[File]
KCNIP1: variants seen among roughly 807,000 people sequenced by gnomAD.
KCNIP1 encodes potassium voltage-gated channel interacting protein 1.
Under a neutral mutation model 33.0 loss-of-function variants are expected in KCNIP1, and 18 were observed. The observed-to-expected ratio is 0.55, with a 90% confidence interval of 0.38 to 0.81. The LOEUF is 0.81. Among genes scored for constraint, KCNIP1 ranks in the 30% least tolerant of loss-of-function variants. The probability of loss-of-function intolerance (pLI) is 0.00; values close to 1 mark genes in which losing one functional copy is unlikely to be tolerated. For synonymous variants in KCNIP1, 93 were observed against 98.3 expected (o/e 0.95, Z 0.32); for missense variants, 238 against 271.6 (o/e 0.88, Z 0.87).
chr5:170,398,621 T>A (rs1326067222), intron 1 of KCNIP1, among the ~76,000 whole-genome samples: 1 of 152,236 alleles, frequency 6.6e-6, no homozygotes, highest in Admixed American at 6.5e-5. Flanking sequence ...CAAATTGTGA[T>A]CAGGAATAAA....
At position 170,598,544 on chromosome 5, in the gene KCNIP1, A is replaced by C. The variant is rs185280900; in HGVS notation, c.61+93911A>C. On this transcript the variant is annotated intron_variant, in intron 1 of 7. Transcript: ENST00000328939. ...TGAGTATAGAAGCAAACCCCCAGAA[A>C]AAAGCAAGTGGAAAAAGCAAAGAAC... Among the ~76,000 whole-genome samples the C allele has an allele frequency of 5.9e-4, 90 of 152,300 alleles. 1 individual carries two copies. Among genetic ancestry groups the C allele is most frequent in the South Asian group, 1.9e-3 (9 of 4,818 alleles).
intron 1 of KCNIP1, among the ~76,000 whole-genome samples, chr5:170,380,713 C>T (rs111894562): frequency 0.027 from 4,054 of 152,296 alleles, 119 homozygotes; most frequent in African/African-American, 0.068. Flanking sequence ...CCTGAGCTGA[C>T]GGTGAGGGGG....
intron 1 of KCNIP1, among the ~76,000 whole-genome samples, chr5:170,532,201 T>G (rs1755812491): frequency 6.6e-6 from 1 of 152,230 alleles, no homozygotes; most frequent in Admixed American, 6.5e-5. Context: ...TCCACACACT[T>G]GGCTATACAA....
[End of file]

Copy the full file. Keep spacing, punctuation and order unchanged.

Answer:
KCNIP1: variants seen among roughly 807,000 people sequenced by gnomAD.
KCNIP1 encodes potassium voltage-gated channel interacting protein 1.
Under a neutral mutation model 33.0 loss-of-function variants are expected in KCNIP1, and 18 were observed. The observed-to-expected ratio is 0.55, with a 90% confidence interval of 0.38 to 0.81. The LOEUF is 0.81. Among genes scored for constraint, KCNIP1 ranks in the 30% least tolerant of loss-of-function variants. The probability of loss-of-function intolerance (pLI) is 0.00; values close to 1 mark genes in which losing one functional copy is unlikely to be tolerated. For synonymous variants in KCNIP1, 93 were observed against 98.3 expected (o/e 0.95, Z 0.32); for missense variants, 238 against 271.6 (o/e 0.88, Z 0.87).
chr5:170,398,621 T>A (rs1326067222), intron 1 of KCNIP1, among the ~76,000 whole-genome samples: 1 of 152,236 alleles, frequency 6.6e-6, no homozygotes, highest in Admixed American at 6.5e-5. Flanking sequence ...CAAATTGTGA[T>A]CAGGAATAAA....
At position 170,598,544 on chromosome 5, in the gene KCNIP1, A is replaced by C. The variant is rs185280900; in HGVS notation, c.61+93911A>C. On this transcript the variant is annotated intron_variant, in intron 1 of 7. Transcript: ENST00000328939. ...TGAGTATAGAAGCAAACCCCCAGAA[A>C]AAAGCAAGTGGAAAAAGCAAAGAAC... Among the ~76,000 whole-genome samples the C allele has an allele frequency of 5.9e-4, 90 of 152,300 alleles. 1 individual carries two copies. Among genetic ancestry groups the C allele is most frequent in the South Asian group, 1.9e-3 (9 of 4,818 alleles).
intron 1 of KCNIP1, among the ~76,000 whole-genome samples, chr5:170,380,713 C>T (rs111894562): frequency 0.027 from 4,054 of 152,296 alleles, 119 homozygotes; most frequent in African/African-American, 0.068. Flanking sequence ...CCTGAGCTGA[C>T]GGTGAGGGGG....
intron 1 of KCNIP1, among the ~76,000 whole-genome samples, chr5:170,532,201 T>G (rs1755812491): frequency 6.6e-6 from 1 of 152,230 alleles, no homozygotes; most frequent in Admixed American, 6.5e-5. Context: ...TCCACACACT[T>G]GGCTATACAA....